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I hope that they have the kinks worked out tonight. I see that I was under the mistaken impression that the $200 was all-in; we're now approaching the Per-Se price point, and that is a very high bar in terms of food, service, and ambiance. Hope they are up to it this evening.

For what it's worth, I have had some very nice meals there since they started the BYOB Monday program; perhaps it was the treasures from my cellar that influenced my thinking. It is odd that they did not have wine pairings available; glad that I was able to get my reservation on a Monday.

Was the dining room full?


Yup, the dining room was full. Are you sure that they'll allow BYO tonight? It is a Monday, but I would verify, since it is a special dinner. If they are allowing it, that should substantially increase your chance of leaving happy.

I'm extremely curious to hear what you think; of course, I hope you have a fantastic time.

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We attended last night, as much as we were hoping it was, BYOB was not available. We were able to select some nice wines for a reasonable price.

I have to echo what dagordon said in his post, when charging $200/head, and having Guy Savoy lend his name (and presence) to the dinner, frankly I expect a lot more out of the meal. My fish wasn't overcooked, but the sauce was thin, and could have used more flavor. The scales on the fish were to be eaten (a special prep) which was fine, but I think I just prefer crispy skin in future. The lobster was very small, and the snow peas on the on the side were overcooked a bit (not murdered, but not bright green and alive either).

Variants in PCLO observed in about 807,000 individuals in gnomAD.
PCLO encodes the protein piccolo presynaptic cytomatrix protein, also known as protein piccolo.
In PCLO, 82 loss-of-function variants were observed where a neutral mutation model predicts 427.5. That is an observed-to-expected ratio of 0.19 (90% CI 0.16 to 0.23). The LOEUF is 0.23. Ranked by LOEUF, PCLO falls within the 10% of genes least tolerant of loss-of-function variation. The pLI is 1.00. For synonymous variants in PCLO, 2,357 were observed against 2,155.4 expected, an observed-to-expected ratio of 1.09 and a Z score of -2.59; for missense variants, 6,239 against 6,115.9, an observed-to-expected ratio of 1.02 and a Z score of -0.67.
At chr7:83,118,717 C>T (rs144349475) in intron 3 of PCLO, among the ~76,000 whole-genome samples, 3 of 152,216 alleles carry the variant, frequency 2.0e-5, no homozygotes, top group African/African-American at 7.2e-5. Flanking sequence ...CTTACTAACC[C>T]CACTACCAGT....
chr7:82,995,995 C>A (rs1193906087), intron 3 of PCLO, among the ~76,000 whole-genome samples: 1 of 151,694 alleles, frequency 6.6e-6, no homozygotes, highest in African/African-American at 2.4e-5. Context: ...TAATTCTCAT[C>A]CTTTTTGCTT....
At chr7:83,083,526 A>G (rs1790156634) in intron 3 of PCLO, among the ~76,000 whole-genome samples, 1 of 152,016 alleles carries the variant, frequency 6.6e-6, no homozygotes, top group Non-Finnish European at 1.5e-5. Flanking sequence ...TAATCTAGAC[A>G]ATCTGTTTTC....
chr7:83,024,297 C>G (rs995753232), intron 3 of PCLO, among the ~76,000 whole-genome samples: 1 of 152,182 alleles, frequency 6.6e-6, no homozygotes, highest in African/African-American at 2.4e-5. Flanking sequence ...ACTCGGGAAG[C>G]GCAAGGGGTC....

I did really like the artichoke soup and the truffled brioche--that was our highlight.

The guinea fowl was overcooked, and the truffled basmati rice (which had a lot of truffle) was undercooked by a couple of minutes, which is terrible.

The grapefruit dessert was odd--I think it was just supremes of grapefruit compressed via cryovac. It wasn't bad, but definitely not 3* (or even 1*) quality. The chocolate ball was cool, and was tasty.

Our service was very inconsistent, it took us over 25 minutes to get a request of new butter fulfilled, and it came out cold and hard. The pacing between courses was highly variable--not very good.

I hadn't officially been to LBF before, just to Bar Lyonnais, where we enjoyed a nice meal. At this price point, and with both of these talented chefs lending their name to the dinner, I just expected a lot more in terms of both execution and service.

Edited by jdanton (log)
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Funny how different things are to different people. I was there because of the gracious generosity of some good friends last night and thought the meal could have been much much better with the billed players.

I agree with dagordon's assessment although my meal was better than his by a fair margin. I thought the lobster was terrific and the bass cooked perfectly although the vanilla in the sauce was a bit strong for my personal tastes.

The lack of good truffle sunk the soup for me. It's the skeleton of the dish and there was nothing 'truffly' about it. The guinea fowl was just flat out not good.

I passed on the first 2 desserts in favor of cheese but liked the chocolate 'ball' very much.

The chefs spent most of the time out with the diners so I am suspect of their actual hands participation during the dinner.